The six-week search for Natalee Holloway in Aruba--especially for fans of tech-worshiping shows like "CSI"--has raised questions about why investigators haven't been able to use high-tech equipment to find her. In fact, investigators have scoured the island with an array of cutting-edge tools, from a remote-controlled submersible equipped with a video camera and sonar used for probing the water under bridges and in lagoons, to telescoping rods tipped with infrared sensors and cameras used for prodding beneath manhole covers and into dark caverns.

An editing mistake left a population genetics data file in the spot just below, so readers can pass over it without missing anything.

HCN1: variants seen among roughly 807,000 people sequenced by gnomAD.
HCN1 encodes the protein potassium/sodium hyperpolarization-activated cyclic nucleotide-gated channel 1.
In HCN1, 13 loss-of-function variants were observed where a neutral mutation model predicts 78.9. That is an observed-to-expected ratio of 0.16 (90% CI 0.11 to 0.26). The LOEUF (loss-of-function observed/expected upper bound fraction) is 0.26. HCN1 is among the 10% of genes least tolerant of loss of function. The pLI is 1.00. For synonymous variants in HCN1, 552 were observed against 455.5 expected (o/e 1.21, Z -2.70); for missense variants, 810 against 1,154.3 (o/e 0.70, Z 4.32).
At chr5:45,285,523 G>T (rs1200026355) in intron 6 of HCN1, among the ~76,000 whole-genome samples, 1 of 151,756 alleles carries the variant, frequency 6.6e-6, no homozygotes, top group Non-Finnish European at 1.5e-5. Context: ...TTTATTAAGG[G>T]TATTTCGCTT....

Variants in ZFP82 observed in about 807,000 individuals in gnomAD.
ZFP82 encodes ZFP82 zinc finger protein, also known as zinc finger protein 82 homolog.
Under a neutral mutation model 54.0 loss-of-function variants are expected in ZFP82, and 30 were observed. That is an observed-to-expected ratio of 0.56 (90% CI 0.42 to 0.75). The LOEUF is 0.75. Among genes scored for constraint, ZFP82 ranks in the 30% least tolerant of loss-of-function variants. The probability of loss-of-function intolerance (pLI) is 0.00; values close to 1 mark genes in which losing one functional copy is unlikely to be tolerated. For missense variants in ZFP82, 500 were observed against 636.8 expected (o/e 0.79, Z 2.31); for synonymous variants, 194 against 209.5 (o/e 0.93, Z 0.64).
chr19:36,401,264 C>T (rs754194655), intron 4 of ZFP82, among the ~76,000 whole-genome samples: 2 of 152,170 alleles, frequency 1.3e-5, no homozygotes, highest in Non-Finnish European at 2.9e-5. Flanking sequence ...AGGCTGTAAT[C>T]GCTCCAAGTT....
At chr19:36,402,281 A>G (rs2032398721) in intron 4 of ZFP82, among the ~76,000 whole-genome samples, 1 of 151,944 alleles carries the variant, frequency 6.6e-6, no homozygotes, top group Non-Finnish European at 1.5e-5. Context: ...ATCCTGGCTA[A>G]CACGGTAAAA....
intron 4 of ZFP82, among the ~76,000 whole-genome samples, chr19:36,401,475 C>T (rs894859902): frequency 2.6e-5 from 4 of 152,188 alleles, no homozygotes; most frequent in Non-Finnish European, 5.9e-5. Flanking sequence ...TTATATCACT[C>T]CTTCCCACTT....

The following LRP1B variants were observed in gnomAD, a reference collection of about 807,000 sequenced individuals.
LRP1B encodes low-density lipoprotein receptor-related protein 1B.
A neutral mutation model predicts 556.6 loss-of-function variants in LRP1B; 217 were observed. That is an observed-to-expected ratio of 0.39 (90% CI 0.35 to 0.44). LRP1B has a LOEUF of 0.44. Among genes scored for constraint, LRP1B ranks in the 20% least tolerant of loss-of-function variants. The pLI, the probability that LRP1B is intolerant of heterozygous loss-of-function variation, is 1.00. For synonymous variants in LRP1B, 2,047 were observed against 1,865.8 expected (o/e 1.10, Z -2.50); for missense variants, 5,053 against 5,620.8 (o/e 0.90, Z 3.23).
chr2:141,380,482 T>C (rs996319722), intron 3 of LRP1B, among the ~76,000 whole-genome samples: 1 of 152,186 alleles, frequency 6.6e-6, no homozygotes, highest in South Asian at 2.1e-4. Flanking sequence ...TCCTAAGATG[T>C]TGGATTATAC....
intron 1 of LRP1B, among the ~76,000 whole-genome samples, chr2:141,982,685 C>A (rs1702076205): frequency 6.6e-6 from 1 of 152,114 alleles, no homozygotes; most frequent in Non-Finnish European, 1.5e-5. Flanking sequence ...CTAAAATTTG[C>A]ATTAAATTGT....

The problem, say those in the business of finding bodies, is the sheer size of the search area. The most promising piece of evidence found so far--a strip of duct tape with strands of blond hair stuck to it--was found on the opposite side of the island from where Holloway was last seen. That means virtually the entire island, and the ocean around its 69-mile coastline, is a potential crime scene. Dr. Albert B. Harper, of the Henry C. Lee Institute of Forensic Science at the University of New Haven, says that until investigators have a better idea of where to look, the size of the search area only highlights the limits of technology. Investigators may try ground-penetrating radar to locate soil disturbances and aerial or satellite infrared equipment that records the heat signature given off by a decomposing body, said forensic anthropologist Edward Anderson, of the Pima County Medical Examiner's office in Arizona. But the best hope for finding Holloway is for a suspect or eyewitness to tell investigators where to look. "Everything short of that is by far and away second place," he said.